Joe Stampley & Moe Bandy "Live At Billy Bob's Texas" (Smith Music, 2000)

Joe Stampley "Somewhere Under The Rainbow" (Critter, 2001)
(Produced by Joe Stampley)

Not great. The title track, which opens the album, is an adequate ode to the joys of being average and unglamorous, and just loving your partner for who they are. It's the album's highpoint, along with the closer, "If It Ain't One, It's Another," a thumpy novelty song that catalogs all the little things that can go wrong in life. In between, there's stuff that ranges from so-so to simply scary... The mediocre material includes a hamfisted cover of the rock'n'roll oldie, "Boney Maronie" and various ballads, the scariest song is a horrifying tune that makes light of domestic violence ("Knock Down, Drag Out") that's sort of like a musical adaptation of the Cops TV series. Joe... you can stop now... seriously!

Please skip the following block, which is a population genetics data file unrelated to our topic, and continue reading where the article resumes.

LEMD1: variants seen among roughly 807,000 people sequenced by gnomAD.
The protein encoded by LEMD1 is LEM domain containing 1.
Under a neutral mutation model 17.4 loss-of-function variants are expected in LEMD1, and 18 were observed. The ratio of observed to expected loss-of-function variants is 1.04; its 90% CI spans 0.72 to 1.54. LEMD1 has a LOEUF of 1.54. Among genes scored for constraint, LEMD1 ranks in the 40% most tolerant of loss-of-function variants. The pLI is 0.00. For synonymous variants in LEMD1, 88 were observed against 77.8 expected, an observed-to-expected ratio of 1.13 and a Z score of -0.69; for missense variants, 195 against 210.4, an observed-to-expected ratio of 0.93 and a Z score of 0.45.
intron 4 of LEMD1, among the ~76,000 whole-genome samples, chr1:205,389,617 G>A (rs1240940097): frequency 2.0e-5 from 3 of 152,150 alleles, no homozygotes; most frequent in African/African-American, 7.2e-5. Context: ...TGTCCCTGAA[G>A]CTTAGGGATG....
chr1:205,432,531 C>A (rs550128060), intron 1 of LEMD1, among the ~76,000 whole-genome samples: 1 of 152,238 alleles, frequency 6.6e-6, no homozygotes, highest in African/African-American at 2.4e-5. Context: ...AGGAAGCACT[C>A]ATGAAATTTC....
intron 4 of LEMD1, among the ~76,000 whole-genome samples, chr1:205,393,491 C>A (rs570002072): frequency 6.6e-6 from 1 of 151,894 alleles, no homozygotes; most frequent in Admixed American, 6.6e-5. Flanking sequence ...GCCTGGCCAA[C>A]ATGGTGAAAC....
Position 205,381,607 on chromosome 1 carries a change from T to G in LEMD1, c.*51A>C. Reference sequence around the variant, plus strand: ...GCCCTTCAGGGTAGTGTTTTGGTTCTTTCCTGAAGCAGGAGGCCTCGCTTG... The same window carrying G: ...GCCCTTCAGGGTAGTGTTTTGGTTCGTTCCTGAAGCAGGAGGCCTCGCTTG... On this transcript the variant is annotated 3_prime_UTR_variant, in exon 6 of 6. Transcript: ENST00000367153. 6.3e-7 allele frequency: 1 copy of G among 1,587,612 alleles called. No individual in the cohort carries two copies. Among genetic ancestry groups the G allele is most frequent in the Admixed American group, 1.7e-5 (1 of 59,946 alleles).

Hick Music Index